Mayer: What did we get right—and wrong—during COVID-19?

By: | March 2, 2021 • 3 min read
Kathryn Mayer is HRE’s benefits editor and chair of the Health & Benefits Leadership Conference. She has covered benefits for the better part of a decade, and her stories have won multiple awards, including a Jesse H. Neal Award and honors from the American Society of Business Publication Editors and the National Federation of Press Women. She holds bachelor’s and master’s degrees from the University of Denver. She can be reached at kmayer@lrp.com.

It’s hard to believe we’re a year into the COVID-19 pandemic—it’s been a year that’s changed every aspect of work and life as we know it.

The worldwide health crisis has forced changes to nearly every workplace strategy, but one of the most significant, undoubtedly, has been how employers imagine and craft their benefits. Benefits have always been a vital tool for employers—especially when it comes to attracting and retaining talent—but in a pandemic that jeopardized health and safety, benefits became more important than ever. Wellness, mental health, caregiving support and more have rightfully been in the spotlight to help employees through what many describe as the most stressful time of their career.

“A lot of times you hear the phrase ‘life and death,’ and quite frequently it’s used in hyperbolic terms. This is actually a circumstance where it’s not hyperbolic,” Sean Woodroffe, TIAA’s senior executive vice president and chief human resources officer, told me recently. “How we focus [on] and take care of our associates is absolutely critical.” (I delve more into this in my cover story about how COVID-19 has changed benefits.)

Advertisement

This is the most important time in recent history for benefits and how employers support their workers. So, what are you doing about it?

I’m excited to dive into this extremely important era in benefits at HRE’s upcoming Health & Benefits Leadership Conference, to be held virtually May 11-13. We’ll go in depth on how COVID-19, as well as other major events of the past year, have reshaped the benefits industry and transformed the way HR and benefits leaders view employee wellbeing. The program will include topics such as the mental health crisis, employers’ role in COVID-19 vaccines, caregiving, leadership during a pandemic, financial health and emergency savings.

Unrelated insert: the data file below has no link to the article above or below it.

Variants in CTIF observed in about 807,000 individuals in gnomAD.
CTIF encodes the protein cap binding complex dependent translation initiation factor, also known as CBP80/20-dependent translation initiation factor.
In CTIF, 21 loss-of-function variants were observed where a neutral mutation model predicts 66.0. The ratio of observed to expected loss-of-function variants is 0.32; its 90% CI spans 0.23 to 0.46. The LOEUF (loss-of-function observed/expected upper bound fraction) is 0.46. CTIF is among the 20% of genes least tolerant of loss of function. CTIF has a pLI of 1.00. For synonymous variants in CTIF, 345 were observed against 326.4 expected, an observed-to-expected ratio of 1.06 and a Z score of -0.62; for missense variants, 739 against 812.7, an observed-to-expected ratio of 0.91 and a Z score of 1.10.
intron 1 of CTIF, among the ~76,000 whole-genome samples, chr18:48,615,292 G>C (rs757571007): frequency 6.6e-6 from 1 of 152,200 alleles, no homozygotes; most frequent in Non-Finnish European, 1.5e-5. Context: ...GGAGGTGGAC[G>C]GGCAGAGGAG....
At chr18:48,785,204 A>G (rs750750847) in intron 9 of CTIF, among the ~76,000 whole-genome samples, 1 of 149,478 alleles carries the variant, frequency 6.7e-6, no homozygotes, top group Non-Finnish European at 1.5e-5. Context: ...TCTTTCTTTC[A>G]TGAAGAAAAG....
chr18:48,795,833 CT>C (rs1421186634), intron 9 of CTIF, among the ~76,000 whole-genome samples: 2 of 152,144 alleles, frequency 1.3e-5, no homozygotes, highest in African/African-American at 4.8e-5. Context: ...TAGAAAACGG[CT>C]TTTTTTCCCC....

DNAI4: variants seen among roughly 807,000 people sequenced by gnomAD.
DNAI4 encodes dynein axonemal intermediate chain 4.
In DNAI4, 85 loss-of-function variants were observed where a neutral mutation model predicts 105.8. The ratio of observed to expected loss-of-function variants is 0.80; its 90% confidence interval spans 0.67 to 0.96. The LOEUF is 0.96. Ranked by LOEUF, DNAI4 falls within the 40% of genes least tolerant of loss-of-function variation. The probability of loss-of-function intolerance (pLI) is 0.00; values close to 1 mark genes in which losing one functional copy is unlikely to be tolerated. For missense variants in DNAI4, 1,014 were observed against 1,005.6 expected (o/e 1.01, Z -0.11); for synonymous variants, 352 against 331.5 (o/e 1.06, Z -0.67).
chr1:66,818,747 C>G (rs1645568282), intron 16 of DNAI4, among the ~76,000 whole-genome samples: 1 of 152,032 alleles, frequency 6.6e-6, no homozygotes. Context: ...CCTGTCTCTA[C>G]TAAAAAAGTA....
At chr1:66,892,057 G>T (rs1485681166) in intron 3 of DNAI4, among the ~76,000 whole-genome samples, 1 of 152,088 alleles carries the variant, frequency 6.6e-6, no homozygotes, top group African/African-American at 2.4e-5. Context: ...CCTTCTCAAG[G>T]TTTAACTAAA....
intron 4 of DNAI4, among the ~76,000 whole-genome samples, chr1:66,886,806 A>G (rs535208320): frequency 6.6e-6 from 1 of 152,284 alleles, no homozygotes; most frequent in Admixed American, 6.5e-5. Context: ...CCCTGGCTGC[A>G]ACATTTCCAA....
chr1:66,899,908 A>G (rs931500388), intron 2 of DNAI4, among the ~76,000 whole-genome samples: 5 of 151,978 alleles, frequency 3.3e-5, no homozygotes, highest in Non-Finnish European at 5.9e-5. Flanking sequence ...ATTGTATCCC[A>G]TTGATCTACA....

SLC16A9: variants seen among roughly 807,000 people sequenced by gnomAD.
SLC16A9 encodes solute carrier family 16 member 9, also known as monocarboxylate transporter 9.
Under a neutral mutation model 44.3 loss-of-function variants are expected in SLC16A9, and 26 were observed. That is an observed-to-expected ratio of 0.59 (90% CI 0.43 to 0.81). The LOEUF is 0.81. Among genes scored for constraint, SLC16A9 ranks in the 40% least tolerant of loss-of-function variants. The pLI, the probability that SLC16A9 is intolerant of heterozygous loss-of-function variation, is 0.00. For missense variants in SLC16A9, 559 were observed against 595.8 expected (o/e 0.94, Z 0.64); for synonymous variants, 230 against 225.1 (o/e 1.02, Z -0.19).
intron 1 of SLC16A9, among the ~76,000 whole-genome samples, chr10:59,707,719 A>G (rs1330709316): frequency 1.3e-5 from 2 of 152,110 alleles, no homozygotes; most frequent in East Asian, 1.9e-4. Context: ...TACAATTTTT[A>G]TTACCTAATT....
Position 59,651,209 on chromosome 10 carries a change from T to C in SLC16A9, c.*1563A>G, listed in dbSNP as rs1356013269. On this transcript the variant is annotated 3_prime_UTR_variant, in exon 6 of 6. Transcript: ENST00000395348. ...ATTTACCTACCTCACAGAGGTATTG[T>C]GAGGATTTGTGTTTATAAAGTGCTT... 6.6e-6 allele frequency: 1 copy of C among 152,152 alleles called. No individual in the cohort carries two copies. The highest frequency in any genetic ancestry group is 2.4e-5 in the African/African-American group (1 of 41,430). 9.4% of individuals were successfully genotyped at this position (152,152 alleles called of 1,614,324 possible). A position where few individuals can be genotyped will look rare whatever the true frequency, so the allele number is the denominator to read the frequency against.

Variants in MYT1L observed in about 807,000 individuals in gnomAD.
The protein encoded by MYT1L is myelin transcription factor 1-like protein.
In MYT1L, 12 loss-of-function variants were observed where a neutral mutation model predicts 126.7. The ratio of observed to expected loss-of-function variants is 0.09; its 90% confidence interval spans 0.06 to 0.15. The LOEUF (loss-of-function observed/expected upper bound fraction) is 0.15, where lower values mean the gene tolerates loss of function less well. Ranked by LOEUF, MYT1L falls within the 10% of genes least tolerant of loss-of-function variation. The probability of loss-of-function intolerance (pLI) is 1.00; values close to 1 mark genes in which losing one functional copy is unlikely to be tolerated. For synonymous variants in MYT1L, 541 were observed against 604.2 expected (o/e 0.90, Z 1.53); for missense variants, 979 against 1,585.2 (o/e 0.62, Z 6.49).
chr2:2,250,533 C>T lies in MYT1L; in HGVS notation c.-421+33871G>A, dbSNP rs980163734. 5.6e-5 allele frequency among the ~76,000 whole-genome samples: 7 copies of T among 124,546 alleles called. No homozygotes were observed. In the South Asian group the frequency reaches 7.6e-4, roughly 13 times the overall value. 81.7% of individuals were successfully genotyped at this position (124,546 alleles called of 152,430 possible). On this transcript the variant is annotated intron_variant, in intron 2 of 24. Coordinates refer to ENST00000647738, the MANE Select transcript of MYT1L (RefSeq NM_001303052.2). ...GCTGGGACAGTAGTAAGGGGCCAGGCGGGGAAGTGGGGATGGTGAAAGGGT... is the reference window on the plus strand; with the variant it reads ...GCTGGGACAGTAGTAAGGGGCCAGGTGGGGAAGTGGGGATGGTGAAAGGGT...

Of course, we won’t be able to meet in person because of the pandemic, but I’m looking forward to seeing many exciting faces online, including:

  • Joan Lunden, caregiving advocate and former Good Morning America co-host, who will detail her experiences—and challenges—caring for her children, aging mother and sick brother, all while working full time, and why she has spent years advocating for better workplace support and family leave laws.
  • Jim Klein, president of the American Benefits Council, who will go in depth on how the new Biden administration will reshape healthcare and what employers need to know about benefits policy in 2021.
  • Melissa Gopnik, senior vice president at Commonwealth, who will discuss steps for building a path to employee financial security—including the rising trend of emergency saving accounts.
  • Carol Morrison, senior research analyst at the Institute for Corporate Productivity, who will explore COVID-19 vaccination plans and trends and cover into everything that benefit and HR leaders need to know about this developing topic.

TIAA’s Woodroffe, Edward Jones CHRO Kristin Johnson and Upwork’s chief people officer, Zoe Harte, are also among the many HR leaders who will talk about how they’ve handled COVID-19 for their employees and the lessons they’ve learned along the way. I’m also looking forward to a panel that will center on how benefits can help address racial inequities.

Among the many, many lessons we’ve learned from COVID-19 is just how frequently shortcomings exist in benefit packages and employer strategies. What I love about industry events like HBLC is the chance for innovators and experts to come together to talk not only about the latest and greatest trends, but about what is desperately needed to better help employees and keep them healthy, productive and safe. At HBLC, we will have an opportunity to come together as an industry to talk about what we got right and what we got wrong during COVID-19, and where we go from here. I hope you’ll join us.

Register for the free event here.